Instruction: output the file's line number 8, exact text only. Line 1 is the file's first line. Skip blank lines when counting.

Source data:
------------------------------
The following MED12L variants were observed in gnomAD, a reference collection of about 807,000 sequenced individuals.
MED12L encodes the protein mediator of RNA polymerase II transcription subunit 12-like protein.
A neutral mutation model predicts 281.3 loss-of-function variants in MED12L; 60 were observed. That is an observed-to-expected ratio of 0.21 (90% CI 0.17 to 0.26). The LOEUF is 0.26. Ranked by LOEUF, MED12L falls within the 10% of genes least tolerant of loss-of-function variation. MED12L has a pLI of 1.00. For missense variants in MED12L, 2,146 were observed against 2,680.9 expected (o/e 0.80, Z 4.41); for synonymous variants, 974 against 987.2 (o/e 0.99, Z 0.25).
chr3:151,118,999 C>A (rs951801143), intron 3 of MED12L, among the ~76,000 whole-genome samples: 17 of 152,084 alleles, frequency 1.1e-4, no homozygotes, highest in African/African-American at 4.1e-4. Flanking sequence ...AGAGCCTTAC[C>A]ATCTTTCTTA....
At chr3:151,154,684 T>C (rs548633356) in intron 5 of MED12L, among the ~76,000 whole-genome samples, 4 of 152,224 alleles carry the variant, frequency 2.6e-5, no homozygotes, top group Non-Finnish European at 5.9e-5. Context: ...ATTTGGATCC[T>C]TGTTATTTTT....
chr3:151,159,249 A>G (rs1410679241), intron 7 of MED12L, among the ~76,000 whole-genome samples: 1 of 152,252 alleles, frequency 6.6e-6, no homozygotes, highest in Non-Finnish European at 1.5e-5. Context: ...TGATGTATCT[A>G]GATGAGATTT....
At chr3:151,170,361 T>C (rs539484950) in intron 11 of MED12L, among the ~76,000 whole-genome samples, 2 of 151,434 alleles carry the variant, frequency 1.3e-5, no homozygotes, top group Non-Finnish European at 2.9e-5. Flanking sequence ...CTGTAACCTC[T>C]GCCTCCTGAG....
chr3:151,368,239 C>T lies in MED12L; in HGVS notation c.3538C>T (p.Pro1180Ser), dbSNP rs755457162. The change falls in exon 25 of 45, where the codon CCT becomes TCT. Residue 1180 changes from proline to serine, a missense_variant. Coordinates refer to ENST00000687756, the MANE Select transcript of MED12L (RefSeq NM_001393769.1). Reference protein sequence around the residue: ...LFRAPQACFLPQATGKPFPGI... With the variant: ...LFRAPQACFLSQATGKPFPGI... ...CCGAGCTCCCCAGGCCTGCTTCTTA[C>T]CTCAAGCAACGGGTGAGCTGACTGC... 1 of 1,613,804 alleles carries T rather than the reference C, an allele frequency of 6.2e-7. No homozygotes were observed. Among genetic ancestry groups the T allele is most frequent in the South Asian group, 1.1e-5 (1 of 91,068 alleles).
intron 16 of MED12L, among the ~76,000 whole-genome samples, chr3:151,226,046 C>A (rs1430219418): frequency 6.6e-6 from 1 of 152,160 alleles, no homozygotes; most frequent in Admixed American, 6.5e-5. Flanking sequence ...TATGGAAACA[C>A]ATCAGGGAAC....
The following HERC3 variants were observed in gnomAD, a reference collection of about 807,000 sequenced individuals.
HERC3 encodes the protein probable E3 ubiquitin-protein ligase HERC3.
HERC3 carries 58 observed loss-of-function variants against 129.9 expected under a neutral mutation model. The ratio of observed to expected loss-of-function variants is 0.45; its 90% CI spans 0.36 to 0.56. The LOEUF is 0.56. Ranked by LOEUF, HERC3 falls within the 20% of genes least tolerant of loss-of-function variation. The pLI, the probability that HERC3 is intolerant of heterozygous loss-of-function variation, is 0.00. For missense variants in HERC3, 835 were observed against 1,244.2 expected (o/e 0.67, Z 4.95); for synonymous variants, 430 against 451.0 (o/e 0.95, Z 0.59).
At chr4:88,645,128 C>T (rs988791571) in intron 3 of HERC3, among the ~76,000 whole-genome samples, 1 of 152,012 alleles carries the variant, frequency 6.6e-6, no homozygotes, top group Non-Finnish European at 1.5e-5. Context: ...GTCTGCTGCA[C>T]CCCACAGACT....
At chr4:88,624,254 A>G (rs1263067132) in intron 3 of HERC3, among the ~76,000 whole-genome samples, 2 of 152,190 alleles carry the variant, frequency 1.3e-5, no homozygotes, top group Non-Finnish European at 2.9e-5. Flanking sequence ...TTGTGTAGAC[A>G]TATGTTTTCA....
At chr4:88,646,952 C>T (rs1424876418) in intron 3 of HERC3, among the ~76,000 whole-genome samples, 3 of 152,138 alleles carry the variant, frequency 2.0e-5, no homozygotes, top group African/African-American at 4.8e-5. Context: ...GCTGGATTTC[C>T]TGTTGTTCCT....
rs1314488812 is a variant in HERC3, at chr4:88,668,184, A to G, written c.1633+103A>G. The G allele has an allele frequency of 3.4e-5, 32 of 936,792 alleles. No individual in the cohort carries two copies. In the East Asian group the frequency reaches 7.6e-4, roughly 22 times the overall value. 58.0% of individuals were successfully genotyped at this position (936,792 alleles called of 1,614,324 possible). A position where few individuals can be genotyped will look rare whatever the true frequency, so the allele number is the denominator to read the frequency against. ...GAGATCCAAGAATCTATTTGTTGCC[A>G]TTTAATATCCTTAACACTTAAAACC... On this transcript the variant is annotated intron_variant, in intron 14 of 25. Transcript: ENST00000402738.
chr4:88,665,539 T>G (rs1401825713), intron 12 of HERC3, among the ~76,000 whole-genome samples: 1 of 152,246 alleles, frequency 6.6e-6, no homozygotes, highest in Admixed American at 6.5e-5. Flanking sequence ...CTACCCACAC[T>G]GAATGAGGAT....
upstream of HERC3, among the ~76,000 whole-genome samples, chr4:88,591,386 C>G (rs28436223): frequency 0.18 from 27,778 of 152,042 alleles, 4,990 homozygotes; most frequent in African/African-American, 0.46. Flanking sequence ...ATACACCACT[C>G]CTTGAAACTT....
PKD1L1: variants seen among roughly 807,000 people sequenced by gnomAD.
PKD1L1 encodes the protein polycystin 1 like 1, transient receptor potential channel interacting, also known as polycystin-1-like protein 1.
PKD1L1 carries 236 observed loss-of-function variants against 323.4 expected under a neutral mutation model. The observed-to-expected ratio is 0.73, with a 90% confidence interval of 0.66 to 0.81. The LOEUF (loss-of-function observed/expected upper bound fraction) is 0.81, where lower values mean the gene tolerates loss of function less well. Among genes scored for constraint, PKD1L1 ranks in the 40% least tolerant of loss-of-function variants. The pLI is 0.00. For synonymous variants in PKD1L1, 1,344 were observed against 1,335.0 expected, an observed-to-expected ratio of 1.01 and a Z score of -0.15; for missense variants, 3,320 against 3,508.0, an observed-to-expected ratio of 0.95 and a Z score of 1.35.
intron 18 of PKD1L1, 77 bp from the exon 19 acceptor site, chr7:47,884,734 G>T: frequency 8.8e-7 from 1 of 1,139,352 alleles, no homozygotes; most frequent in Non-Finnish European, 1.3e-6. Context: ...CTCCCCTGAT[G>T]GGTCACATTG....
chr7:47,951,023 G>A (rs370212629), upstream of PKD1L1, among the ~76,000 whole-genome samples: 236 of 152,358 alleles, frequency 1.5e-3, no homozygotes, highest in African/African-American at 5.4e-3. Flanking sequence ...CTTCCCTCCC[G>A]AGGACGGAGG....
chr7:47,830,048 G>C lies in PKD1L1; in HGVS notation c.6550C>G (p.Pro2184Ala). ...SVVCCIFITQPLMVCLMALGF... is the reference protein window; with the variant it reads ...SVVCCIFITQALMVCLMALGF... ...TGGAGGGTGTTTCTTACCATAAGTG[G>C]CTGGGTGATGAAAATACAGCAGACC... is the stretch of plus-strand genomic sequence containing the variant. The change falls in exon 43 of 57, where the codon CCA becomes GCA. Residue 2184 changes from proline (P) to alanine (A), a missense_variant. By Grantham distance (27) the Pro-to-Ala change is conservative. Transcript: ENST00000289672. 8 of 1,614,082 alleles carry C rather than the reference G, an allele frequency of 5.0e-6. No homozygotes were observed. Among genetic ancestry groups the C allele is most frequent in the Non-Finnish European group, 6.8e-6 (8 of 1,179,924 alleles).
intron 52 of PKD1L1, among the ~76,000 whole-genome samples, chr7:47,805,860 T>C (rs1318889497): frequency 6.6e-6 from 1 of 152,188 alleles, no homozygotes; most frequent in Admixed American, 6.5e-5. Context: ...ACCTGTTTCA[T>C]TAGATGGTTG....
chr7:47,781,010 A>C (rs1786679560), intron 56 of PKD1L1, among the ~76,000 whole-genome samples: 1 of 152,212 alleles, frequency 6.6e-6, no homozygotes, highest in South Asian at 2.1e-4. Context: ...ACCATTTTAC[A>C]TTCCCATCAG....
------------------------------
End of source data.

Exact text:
chr3:151,368,239 C>T lies in MED12L; in HGVS notation c.3538C>T (p.Pro1180Ser), dbSNP rs755457162. The change falls in exon 25 of 45, where the codon CCT becomes TCT. Residue 1180 changes from proline to serine, a missense_variant. Coordinates refer to ENST00000687756, the MANE Select transcript of MED12L (RefSeq NM_001393769.1). Reference protein sequence around the residue: ...LFRAPQACFLPQATGKPFPGI... With the variant: ...LFRAPQACFLSQATGKPFPGI... ...CCGAGCTCCCCAGGCCTGCTTCTTA[C>T]CTCAAGCAACGGGTGAGCTGACTGC... 1 of 1,613,804 alleles carries T rather than the reference C, an allele frequency of 6.2e-7. No homozygotes were observed. Among genetic ancestry groups the T allele is most frequent in the South Asian group, 1.1e-5 (1 of 91,068 alleles).